Take a Hollywood actress, pair her with a credible theatre production and you have a match made in box office heaven. Throw in a little nudity, and the combination becomes what one critic – talking about Nicole Kidman in The Blue Room – famously described as "theatrical Viagra".
It also has fairly miraculous effects on the box office: big-name stars drew record crowds to London theatres last year. According to the Society of London Theatre (Solt), attendance at plays and musicals reached nearly 14 million in 2008. Box office takings were up by £10m to £480m. So far this year they are up on last year's figures, and advance sales in the West End are approaching £50m. Last month the Ambassador Theatre Group announced that it was expanding and creating 16 new theatres and playhouses at a cost of £90m.
The winning formula was being applied again last night, with Keira Knightley making her much-anticipated West End debut in an updated version of Molière's The Misanthrope. The production took more than £1m in ticket sales in four days. Knightley is one of a growing number of female film stars to tread the boards, among them Cate Blanchett, Sienna Miller and Kidman. While Hollywood's top names usually spell commercial success for a play, critical approval is harder to come by, film actresses almost invariably being panned for delivering below-par stage performances.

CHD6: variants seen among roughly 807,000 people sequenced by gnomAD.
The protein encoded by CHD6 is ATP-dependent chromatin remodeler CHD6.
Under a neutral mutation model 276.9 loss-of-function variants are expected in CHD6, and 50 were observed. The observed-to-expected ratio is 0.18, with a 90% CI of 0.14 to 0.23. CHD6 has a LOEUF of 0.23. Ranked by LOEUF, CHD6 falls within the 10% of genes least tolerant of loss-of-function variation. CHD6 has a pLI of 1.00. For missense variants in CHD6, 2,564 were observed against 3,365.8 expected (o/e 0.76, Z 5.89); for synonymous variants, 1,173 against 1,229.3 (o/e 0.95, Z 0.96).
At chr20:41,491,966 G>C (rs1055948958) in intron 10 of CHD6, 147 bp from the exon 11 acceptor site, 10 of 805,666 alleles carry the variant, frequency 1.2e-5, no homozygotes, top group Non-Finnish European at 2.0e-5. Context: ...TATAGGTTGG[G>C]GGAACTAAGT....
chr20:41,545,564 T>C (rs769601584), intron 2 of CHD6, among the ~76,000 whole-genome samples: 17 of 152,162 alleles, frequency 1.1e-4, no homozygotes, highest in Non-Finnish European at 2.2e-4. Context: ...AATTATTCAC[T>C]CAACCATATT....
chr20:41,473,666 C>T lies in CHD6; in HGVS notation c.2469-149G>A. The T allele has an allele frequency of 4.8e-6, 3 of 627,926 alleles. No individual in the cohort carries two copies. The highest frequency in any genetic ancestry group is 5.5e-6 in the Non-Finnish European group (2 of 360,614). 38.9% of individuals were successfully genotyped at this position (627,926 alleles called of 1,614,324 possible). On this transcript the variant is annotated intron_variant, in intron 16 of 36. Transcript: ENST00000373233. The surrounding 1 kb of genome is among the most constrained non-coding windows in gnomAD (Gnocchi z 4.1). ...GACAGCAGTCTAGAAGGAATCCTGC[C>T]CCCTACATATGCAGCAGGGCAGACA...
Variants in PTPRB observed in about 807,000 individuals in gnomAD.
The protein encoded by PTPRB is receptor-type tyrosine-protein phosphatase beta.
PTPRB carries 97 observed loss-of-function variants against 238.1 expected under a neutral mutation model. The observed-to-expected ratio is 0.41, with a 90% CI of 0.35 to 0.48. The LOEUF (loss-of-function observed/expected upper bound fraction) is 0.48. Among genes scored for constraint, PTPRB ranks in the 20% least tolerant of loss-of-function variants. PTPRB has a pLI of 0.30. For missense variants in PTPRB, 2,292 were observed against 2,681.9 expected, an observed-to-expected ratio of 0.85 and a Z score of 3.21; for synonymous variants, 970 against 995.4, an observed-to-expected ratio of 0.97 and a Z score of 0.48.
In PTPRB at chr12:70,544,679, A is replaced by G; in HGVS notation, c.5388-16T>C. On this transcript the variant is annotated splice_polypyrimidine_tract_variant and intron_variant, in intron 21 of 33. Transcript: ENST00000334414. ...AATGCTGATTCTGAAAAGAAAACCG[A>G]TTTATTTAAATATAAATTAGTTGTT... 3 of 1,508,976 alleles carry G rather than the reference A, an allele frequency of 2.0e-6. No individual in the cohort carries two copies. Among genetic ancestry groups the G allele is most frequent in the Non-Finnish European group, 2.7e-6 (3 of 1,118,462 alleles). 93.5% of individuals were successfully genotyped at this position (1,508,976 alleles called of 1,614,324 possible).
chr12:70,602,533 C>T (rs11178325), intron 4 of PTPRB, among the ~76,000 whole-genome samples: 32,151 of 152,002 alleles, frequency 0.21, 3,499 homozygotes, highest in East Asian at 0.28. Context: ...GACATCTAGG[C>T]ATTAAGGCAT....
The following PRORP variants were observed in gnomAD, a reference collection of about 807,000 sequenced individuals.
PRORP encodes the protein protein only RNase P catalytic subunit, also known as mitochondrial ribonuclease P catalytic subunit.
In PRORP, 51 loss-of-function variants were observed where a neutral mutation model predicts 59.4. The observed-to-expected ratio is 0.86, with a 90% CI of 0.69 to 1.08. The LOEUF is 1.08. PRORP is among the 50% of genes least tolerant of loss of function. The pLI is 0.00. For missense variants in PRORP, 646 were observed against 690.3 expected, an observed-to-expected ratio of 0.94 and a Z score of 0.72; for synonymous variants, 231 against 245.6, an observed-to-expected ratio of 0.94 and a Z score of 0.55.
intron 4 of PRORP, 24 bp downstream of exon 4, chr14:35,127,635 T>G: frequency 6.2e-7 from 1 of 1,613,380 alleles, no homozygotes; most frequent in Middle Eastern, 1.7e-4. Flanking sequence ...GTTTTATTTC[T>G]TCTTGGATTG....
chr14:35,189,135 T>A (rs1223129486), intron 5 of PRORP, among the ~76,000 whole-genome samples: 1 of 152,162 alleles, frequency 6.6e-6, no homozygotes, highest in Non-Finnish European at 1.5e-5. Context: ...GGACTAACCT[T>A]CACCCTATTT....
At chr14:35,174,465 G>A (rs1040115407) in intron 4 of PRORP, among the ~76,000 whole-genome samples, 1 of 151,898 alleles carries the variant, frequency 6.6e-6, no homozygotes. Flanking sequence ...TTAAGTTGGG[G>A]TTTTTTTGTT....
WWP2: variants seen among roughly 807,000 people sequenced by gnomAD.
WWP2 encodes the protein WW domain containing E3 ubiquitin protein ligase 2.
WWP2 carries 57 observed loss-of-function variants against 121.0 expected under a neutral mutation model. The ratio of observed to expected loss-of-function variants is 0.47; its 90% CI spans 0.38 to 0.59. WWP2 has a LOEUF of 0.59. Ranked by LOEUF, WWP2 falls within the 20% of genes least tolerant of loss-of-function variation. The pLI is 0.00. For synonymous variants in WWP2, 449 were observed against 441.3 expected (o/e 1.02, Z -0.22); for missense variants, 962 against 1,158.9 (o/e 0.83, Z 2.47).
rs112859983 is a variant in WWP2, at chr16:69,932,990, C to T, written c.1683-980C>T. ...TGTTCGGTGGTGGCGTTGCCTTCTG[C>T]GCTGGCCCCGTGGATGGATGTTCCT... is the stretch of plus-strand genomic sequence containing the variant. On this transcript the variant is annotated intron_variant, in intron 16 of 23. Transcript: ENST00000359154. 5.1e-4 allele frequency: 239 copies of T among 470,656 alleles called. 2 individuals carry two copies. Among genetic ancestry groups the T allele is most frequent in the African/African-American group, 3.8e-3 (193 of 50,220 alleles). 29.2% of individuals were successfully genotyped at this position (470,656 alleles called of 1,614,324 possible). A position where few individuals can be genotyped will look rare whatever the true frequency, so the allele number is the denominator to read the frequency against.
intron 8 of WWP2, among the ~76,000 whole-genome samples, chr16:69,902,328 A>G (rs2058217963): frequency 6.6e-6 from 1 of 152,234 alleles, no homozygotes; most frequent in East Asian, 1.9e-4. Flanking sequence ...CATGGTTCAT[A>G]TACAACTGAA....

"Their names above the door sell tickets, but in the vast majority of cases if they aren't good enough they will be found out," said Paul James, commercial manager of Solt. "However, it is a false idea that Hollywood actors are taking the place of unknowns who would be better at it; without someone of that calibre on board, the show wouldn't be happening, as it'd be too much of a risk."
Although better known for blockbusters such as Pirates of the Caribbean and Atonement, Knightley shouldn't find the role too challenging: she plays a beautiful, young American film star in London, opposite Damian Lewis.